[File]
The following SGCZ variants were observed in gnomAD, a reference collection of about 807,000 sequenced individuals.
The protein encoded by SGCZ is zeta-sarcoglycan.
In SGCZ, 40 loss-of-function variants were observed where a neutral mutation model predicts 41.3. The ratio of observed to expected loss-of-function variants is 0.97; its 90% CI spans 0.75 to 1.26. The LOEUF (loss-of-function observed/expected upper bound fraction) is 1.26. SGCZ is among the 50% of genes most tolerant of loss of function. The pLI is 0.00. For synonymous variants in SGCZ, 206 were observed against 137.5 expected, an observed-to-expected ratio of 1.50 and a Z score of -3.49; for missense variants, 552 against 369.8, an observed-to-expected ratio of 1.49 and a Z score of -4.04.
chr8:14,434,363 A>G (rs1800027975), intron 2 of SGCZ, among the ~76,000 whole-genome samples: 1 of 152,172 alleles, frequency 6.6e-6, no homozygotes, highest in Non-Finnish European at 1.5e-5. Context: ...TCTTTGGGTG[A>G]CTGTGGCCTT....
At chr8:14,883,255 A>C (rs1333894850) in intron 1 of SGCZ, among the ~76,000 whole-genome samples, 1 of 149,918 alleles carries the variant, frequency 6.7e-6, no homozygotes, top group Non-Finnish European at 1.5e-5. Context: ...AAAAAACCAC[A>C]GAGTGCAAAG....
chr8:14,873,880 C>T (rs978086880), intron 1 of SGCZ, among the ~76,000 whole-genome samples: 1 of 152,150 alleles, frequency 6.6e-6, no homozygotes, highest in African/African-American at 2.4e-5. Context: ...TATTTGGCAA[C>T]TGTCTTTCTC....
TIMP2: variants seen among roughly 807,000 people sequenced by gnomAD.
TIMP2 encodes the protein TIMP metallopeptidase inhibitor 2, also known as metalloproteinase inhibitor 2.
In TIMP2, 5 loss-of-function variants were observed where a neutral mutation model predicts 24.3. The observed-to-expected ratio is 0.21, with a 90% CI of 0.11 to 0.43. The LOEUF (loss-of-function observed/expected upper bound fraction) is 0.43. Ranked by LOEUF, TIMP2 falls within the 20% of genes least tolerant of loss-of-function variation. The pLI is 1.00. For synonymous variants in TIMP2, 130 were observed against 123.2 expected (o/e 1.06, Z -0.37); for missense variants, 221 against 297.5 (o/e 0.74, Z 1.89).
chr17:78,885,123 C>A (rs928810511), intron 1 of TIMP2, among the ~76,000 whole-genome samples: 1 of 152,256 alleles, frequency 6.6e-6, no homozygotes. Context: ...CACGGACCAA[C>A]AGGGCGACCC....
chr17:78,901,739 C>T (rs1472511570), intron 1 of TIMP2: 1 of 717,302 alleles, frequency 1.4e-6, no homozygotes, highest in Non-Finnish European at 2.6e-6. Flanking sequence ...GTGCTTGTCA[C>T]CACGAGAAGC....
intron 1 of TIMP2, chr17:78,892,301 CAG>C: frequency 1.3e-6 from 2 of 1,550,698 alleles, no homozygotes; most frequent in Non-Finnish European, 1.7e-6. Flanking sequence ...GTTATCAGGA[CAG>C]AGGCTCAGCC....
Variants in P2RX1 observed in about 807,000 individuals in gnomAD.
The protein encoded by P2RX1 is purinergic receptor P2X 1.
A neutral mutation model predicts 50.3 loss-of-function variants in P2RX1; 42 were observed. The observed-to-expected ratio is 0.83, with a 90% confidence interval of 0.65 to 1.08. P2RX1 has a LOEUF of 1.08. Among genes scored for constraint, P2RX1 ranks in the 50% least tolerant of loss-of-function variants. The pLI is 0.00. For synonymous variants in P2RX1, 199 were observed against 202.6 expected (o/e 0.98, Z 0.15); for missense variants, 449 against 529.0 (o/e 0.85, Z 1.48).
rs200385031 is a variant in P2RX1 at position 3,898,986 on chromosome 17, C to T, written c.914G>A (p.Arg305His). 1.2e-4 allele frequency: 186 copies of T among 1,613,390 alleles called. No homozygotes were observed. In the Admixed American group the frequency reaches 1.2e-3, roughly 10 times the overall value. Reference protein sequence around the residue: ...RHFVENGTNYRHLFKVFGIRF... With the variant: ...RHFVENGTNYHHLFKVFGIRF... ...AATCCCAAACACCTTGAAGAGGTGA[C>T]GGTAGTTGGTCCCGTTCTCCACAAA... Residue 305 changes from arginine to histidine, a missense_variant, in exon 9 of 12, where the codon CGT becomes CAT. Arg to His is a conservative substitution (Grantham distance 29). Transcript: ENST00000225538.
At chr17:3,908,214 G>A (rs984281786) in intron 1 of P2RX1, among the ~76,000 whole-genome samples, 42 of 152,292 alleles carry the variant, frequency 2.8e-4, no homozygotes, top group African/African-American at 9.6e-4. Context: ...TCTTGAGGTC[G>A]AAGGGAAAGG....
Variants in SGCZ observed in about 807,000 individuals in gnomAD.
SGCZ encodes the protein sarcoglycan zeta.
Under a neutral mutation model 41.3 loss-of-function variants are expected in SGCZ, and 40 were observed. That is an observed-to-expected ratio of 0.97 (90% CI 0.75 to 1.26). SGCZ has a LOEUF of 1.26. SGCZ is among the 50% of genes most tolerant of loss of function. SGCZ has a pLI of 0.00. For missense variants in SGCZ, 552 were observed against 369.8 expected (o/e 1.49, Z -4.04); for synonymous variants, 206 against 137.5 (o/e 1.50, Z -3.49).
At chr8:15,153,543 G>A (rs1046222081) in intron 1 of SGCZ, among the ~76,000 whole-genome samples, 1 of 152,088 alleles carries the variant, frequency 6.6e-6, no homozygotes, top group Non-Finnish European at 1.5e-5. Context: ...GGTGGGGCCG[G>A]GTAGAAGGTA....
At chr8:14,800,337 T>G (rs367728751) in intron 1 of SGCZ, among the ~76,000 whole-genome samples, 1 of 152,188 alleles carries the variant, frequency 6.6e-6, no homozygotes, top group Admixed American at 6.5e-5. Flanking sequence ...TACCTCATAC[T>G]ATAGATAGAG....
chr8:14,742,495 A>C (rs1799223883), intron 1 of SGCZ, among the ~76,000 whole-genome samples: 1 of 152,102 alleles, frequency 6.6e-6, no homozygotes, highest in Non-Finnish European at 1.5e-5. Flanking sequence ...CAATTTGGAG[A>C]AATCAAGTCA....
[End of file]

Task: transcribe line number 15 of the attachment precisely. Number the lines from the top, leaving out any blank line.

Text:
A neutral mutation model predicts 50.3 loss-of-function variants in P2RX1; 42 were observed. The observed-to-expected ratio is 0.83, with a 90% confidence interval of 0.65 to 1.08. P2RX1 has a LOEUF of 1.08. Among genes scored for constraint, P2RX1 ranks in the 50% least tolerant of loss-of-function variants. The pLI is 0.00. For synonymous variants in P2RX1, 199 were observed against 202.6 expected (o/e 0.98, Z 0.15); for missense variants, 449 against 529.0 (o/e 0.85, Z 1.48).